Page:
Wisconsin Law Hands Free in Workzones Starting

According to WI DOT, starting October 1, 2016 it is illegal to talk on a handheld phone while driving in a Wisconsin work zone.  See law below.

While its nice to see new laws attempting to protect vulnerable users of the road including highway works, Wisconsin is way behind the times with this law.  California has been hands free for at least five years and bans any phone use by drivers under 18.

When reading the law below it seems as though it will be near impossible to enforce.  It allows appears to allow a driver to activate or deactive a feature on the phone with his or her hands.  

A better law would be that any person seen holding a phone behind the wheel of a car is subject to a $1,000 fine.  Any citizen who provides evidence of a driver holding a phone behind the wheel (photo taken of a driver by a passenger in another car) gets a $500 reward for making our roads safer (out of the $1,000 fine).  This would make drivers afraid to touch their phones behind the wheel because they could be caught at any time and it would cost them $1,000.  It would make us all safer.

An Act to amend 346.95 (1); and to create 346.89 (4m) of the statutes; relating to: the use of a cellular or other wireless telephone while driving a motor vehicle in a construction zone and providing a penalty.
The people of the state of Wisconsin, represented in senate and assembly, do enact as follows:
Section 1. 346.89 (4m) of the statutes is created to read:
346.89 (4m) No person may drive, as defined in s. 343.305 (1) (b), any motor vehicle while using a cellular or other wireless telephone, including using the telephone for a purpose other than communication, where persons engaged in work in a highway maintenance or construction area or in a utility work area are at risk from traffic, except to report an emergency. This subsection does not apply to the use of a voice-operated or hands-free device if the driver of the motor vehicle does not use his or her hands to operate the device, except to activate or deactivate a feature or function of the device.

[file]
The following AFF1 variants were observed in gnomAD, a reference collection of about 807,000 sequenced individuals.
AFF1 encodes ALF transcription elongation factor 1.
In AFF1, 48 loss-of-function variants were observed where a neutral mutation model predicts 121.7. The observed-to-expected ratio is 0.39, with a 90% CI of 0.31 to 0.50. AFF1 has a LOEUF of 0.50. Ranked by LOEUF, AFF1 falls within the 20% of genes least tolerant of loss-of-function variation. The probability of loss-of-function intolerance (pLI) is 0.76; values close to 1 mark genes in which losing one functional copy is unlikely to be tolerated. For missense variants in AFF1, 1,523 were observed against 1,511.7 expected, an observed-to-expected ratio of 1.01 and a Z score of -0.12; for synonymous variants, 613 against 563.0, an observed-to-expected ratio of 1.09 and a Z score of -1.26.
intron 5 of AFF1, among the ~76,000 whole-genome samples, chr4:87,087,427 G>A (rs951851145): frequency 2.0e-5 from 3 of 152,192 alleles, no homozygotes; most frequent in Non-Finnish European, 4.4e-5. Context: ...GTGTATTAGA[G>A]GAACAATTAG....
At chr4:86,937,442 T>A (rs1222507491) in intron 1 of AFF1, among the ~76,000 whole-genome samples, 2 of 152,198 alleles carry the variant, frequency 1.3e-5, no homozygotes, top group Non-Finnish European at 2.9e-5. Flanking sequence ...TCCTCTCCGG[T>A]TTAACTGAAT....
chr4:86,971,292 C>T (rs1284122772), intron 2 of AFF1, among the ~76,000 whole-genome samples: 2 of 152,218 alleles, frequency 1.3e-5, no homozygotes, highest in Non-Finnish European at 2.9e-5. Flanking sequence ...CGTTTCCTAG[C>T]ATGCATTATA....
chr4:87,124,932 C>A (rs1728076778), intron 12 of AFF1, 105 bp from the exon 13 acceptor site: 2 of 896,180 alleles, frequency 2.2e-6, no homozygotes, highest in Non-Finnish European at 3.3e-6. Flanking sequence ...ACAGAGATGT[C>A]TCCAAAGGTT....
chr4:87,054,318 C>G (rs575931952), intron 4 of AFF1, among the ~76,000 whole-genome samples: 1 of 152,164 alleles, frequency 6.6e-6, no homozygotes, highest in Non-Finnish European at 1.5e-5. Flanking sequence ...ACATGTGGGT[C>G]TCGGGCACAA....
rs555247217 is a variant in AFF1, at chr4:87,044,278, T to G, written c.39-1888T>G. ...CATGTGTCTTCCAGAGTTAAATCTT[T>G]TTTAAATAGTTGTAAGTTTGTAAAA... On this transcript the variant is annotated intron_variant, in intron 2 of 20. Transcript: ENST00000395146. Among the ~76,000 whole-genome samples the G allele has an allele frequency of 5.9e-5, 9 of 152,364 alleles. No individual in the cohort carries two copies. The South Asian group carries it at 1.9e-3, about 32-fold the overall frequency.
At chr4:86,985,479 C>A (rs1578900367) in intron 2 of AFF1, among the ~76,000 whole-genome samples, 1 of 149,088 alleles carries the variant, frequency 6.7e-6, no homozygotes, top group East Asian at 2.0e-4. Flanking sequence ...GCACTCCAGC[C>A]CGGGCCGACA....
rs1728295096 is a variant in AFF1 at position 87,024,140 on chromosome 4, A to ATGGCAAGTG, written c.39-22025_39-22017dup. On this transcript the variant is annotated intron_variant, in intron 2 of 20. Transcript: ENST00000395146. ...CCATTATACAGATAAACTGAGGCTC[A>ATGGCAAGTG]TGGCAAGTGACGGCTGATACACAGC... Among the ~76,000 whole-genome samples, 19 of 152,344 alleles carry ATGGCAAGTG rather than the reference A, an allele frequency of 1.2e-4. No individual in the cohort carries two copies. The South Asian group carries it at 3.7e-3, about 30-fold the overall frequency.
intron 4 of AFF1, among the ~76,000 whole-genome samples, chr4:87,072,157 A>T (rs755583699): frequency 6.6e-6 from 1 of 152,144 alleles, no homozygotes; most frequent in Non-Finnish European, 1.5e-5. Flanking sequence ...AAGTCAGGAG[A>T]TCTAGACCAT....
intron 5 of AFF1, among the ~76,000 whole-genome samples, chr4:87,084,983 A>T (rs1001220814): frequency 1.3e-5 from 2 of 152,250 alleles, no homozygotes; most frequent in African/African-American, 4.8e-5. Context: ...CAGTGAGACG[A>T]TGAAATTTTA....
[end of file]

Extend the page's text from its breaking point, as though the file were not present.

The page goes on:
Section 2. 346.95 (1) of the statutes is amended to read:
346.95 (1) Any person violating s. 346.87, 346.88, 346.89 (4), (4m), or (5), 346.90 to 346.92, or 346.94 (1), (9), (10), (11), (12), or (15) may be required to forfeit not less than $20 nor more than $40 for the first offense and not less than $50 nor more than $100 for the 2nd or subsequent conviction within a year.
Section 3. Effective date.
(1) This act takes effect on the first day of the 7th month beginning after publication.

Thank You to Fitchburg Mayor Steve Arnold for Commenting On Woman Telling People Not to Stop For Pedestrians and Bicyclists at Crosswalk in Fitchburg

In the August 2016 Fitchburg Star (article produced below), Mayor Steve Arnold wrote an opinion informing people that Wisconsin law requires drivers to yield to pedestrians and bicyclists in crosswalks.  Apparently a woman named Judy Hoffman wrote a letter to Wisconsin State Journal telling people, "Please don't stop in the absence of the flashing lights," at the crossing of Badger State Trail and PD in Fitchburg.

Hoffman's comments show all that is wrong with drivers in Wisconsin.  She urges people to do the exact opposite of what they should do-stop their cars and trucks so that people who are walking and bicyclists may use the roadway to cross.  This is the sole purpose of a crosswalk.  If people were only to stop for walkers and bicyclists when yellow lights flash, there would be no need for crosswalks.

I am not sure why someone would encourage people to not stop for pedestrians and bicyclists.  I have not been able to find a copy of Hoffman's article.  I can only imagine that she is concerned that so many drivers these days are distracted when they drive and if a person stops for a pedestrian or bicyclist the person who stops in his or her truck might get rear ended.  Instead of fear of rear-ender from distracted driver, people should follow the law-don't drive distracted, and do stop anytime you see a pedestrian or bicyclist anywhere near a crosswalk.  

Wisconsin law requires drivers to yield to pedestrians and bicyclists in crosswalks.  The crosswalk at Badger State Multi Use Path and PD is considered uncontrolled.  Here is the law that applies:

346.24  Crossing at uncontrolled intersection or crosswalk.

(1) At an intersection or crosswalk where traffic is not controlled by traffic control signals or by a traffic officer, the operator of a vehicle shall yield the right-of-way to a pedestrian, or to a person riding a bicycle or electric personal assistive mobility device in a manner which is consistent with the safe use of the crosswalk by pedestrians, who is crossing the highway within a marked or unmarked crosswalk.

Bike Movie at Capital Brewery Beer Garden August 18, 2016 8:00 p.m.